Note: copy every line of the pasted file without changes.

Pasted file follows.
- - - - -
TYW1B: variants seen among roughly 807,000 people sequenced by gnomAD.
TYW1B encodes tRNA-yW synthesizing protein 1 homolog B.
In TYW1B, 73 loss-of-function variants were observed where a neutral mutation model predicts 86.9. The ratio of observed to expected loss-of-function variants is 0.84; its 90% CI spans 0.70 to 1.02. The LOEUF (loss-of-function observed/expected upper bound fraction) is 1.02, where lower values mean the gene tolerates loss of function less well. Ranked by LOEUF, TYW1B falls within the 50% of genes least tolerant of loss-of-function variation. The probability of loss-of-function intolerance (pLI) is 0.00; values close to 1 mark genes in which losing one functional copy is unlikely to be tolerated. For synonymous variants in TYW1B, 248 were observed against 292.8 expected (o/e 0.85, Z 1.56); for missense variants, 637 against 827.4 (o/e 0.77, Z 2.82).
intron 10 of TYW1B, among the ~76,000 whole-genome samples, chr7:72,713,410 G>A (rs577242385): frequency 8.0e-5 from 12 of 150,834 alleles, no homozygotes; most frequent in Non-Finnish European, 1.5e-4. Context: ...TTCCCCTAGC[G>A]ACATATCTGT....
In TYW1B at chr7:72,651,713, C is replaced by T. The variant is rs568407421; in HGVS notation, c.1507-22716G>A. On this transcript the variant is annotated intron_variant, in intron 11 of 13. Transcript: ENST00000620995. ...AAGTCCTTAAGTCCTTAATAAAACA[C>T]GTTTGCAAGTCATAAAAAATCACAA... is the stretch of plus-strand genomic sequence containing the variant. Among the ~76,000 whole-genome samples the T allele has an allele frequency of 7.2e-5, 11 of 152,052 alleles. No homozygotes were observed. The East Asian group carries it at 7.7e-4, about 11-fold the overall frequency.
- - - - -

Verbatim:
TYW1B: variants seen among roughly 807,000 people sequenced by gnomAD.
TYW1B encodes tRNA-yW synthesizing protein 1 homolog B.
In TYW1B, 73 loss-of-function variants were observed where a neutral mutation model predicts 86.9. The ratio of observed to expected loss-of-function variants is 0.84; its 90% CI spans 0.70 to 1.02. The LOEUF (loss-of-function observed/expected upper bound fraction) is 1.02, where lower values mean the gene tolerates loss of function less well. Ranked by LOEUF, TYW1B falls within the 50% of genes least tolerant of loss-of-function variation. The probability of loss-of-function intolerance (pLI) is 0.00; values close to 1 mark genes in which losing one functional copy is unlikely to be tolerated. For synonymous variants in TYW1B, 248 were observed against 292.8 expected (o/e 0.85, Z 1.56); for missense variants, 637 against 827.4 (o/e 0.77, Z 2.82).
intron 10 of TYW1B, among the ~76,000 whole-genome samples, chr7:72,713,410 G>A (rs577242385): frequency 8.0e-5 from 12 of 150,834 alleles, no homozygotes; most frequent in Non-Finnish European, 1.5e-4. Context: ...TTCCCCTAGC[G>A]ACATATCTGT....
In TYW1B at chr7:72,651,713, C is replaced by T. The variant is rs568407421; in HGVS notation, c.1507-22716G>A. On this transcript the variant is annotated intron_variant, in intron 11 of 13. Transcript: ENST00000620995. ...AAGTCCTTAAGTCCTTAATAAAACA[C>T]GTTTGCAAGTCATAAAAAATCACAA... is the stretch of plus-strand genomic sequence containing the variant. Among the ~76,000 whole-genome samples the T allele has an allele frequency of 7.2e-5, 11 of 152,052 alleles. No homozygotes were observed. The East Asian group carries it at 7.7e-4, about 11-fold the overall frequency.